The Insolvency Act 1986 says, among other things, that administrators' claims for pay and expenses should generally have priority over any other debts a company might have.

In Krasner v McMath and two other cases (2005, IRLR 995; IDS 792), the Court of Appeal has said that protective awards and payments in lieu of notice do not take priority over money and expenses owing to the administrators.

What was the background?

In July 2005, Krasner, the administrators of Huddersfield Fine Worsteds Ltd and Globe Worsted Co Ltd asked the High Court to clarify the priorities in which they had to make certain payments under the Insolvency Act.

The Judge held that, as administrators, they had to pay protective awards and payments in lieu of notice to employees (whose contracts had been "adopted"), before paying their own administration expenses.

Two weeks later, however, a Judge considering an application by Duggins, the administrators of Ferrotech Ltd and Granville Technology Group, came to the opposite conclusion.

What is the relevant law?

Under paragraph 99(3) of Schedule B1 to the Insolvency Act, administrators can generally claim priority for their expenses over other company debts.

However, paragraphs 99(4) to (6) state that any wages or salary due to be paid under a contract of employment that has been "adopted" by the administrators have to be paid before their expenses. This gives them what is known as "super priority" status.

The Judge in Krasner decided that protective awards and payments in lieu of notice fell within para. 99(6)(d), saying they should be treated as wages or salary under social security legislation and therefore qualified for priority.

The Judge in Duggins, on the other hand, decided that the reference to "a period" in para. 99(6)(d) was to a period of holiday or a period of illness, and did not, therefore, cover protective awards or payments in lieu of notice.

The issue to be decided in the Court of Appeal, therefore, was whether protective awards and payments in lieu of notice are "wages and salary".

What did the Court of Appeal decide?

Protective awards: the Court of Appeal said protective awards could not take priority over administration expenses because they did not satisfy two vital conditions. Firstly, they did not constitute the term "wages or salary" in the legislation, because reference to "a period" in para 99(6)(d) was to a period of holiday or a period of illness. Secondly, the right had to come out of a contract of employment, whereas these came from a statute.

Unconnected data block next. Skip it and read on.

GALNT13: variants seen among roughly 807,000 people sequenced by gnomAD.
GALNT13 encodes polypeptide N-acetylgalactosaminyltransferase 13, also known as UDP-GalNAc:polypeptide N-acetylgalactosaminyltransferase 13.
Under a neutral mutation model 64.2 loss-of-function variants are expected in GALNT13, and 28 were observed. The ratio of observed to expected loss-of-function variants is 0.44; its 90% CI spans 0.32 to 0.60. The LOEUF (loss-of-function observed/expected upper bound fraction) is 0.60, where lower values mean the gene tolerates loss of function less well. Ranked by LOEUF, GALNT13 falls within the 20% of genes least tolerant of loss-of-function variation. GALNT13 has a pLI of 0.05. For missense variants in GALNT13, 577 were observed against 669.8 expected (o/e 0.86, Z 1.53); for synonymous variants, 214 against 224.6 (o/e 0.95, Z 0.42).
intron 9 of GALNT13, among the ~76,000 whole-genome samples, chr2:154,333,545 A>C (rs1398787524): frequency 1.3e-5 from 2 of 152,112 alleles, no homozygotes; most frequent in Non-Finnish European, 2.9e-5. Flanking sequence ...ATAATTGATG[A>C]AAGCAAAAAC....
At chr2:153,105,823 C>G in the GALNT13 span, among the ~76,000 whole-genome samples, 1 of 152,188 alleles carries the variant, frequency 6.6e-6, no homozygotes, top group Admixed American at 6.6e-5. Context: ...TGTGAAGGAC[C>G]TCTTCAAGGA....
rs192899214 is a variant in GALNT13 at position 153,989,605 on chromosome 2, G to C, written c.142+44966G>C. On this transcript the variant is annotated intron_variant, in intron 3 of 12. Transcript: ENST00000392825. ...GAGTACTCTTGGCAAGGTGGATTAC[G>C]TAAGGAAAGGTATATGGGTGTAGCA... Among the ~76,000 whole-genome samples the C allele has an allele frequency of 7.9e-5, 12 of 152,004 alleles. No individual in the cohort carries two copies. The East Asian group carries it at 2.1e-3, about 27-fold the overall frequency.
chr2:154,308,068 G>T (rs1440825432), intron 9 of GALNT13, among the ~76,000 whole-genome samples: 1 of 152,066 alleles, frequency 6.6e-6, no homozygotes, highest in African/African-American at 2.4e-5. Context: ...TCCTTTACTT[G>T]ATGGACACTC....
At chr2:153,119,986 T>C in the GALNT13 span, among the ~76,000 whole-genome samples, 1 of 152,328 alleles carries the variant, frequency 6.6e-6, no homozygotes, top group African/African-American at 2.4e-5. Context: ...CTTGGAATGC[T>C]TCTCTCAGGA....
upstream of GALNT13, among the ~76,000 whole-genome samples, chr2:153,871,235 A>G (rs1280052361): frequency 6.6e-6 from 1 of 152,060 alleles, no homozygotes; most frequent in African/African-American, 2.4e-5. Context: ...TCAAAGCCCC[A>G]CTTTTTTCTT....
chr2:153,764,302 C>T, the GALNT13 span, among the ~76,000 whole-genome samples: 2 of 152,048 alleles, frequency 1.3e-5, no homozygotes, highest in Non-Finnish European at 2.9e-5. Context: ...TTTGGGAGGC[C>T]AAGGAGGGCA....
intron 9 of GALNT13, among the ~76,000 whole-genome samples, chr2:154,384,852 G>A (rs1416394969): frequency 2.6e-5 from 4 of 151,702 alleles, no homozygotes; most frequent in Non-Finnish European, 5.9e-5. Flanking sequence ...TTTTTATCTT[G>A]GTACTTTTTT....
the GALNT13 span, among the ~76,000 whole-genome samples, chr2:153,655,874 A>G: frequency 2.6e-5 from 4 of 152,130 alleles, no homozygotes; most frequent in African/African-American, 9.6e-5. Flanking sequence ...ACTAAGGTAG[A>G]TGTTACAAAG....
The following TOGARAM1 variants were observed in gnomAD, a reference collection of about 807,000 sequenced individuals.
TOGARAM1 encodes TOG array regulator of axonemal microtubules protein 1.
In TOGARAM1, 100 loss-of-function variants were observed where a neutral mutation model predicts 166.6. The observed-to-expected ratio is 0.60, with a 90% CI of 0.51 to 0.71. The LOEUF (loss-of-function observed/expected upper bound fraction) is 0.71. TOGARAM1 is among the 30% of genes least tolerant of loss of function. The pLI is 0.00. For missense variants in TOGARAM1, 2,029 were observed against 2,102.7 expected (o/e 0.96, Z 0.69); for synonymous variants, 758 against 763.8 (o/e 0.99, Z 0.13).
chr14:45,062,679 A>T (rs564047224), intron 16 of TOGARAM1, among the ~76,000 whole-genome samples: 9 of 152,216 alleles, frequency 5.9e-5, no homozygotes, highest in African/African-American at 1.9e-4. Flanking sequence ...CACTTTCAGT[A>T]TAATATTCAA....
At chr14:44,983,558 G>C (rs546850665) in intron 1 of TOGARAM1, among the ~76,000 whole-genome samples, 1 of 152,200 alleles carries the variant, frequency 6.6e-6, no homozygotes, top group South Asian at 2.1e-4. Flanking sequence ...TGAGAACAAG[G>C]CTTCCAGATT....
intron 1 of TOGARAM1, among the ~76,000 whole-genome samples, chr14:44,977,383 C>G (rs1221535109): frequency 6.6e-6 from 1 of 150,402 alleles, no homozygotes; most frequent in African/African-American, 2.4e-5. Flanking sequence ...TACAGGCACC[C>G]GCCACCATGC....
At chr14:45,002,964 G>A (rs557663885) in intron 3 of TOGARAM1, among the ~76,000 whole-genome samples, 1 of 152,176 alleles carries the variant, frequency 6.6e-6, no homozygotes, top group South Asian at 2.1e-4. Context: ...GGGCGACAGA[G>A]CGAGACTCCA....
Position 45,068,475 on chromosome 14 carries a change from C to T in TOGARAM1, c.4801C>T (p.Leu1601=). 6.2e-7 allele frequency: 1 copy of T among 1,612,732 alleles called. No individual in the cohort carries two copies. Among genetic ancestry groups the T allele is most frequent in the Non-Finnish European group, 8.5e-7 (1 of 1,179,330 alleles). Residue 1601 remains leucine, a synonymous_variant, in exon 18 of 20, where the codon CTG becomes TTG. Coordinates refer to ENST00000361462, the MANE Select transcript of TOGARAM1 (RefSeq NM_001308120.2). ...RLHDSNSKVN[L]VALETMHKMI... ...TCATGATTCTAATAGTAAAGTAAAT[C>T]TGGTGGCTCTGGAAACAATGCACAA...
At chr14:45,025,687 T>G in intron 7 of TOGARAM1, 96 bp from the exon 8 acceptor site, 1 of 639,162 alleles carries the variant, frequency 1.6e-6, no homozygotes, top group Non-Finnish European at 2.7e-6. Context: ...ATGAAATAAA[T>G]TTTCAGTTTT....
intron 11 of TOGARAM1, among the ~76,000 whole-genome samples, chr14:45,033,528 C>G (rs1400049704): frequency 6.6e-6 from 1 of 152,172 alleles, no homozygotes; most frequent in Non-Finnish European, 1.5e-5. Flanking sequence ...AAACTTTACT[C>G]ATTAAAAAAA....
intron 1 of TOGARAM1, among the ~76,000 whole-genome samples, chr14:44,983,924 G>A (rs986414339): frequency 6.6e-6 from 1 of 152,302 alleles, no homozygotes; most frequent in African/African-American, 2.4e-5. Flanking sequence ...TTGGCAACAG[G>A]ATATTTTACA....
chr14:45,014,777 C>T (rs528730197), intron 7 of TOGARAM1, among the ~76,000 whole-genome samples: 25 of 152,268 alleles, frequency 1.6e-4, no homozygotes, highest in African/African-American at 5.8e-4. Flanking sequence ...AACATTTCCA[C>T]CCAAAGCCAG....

Payments in lieu of notice: Relying on the case of Delaney v Staples (1992, IRLR 191), the Court of Appeal said that wages can only attract "super priority" status if certain conditions are satisfied. Namely, if the employer has given proper notice of termination to the employee, told them that they do not need to work until the termination date and given them the wages for the notice period in a lump sum. This was the only type of payment that could be characterised as "wages" under paras 99(5) and (6).


Paragraph 99(5)
"Sub-paragraph (4) shall apply to a liability arising under a contract of employment which was adopted by the former administrator or a predecessor before cessation, and for that purpose -
(b) no account shall be taken of any liability which arises, or in so far as it arises, by reference to anything which is done or which occurs before the adoption of the contract of employment, and
(c) no account shall be taken of a liability to make a payment other than wages or salary."
Paragraph 99(6): 'wages or salary' includes
(a) a sum payable in respect of a period of holiday (for which purpose the sum shall be treated as relating to the period by reference to which the entitlement to holiday accrued)
(b) a sum payable in respect of a period of absence through illness or other good cause
(c) a sum payable in lieu of holiday
(d) in respect of a period a sum which would be treated as earnings for that period for the purposes of an enactment about social security.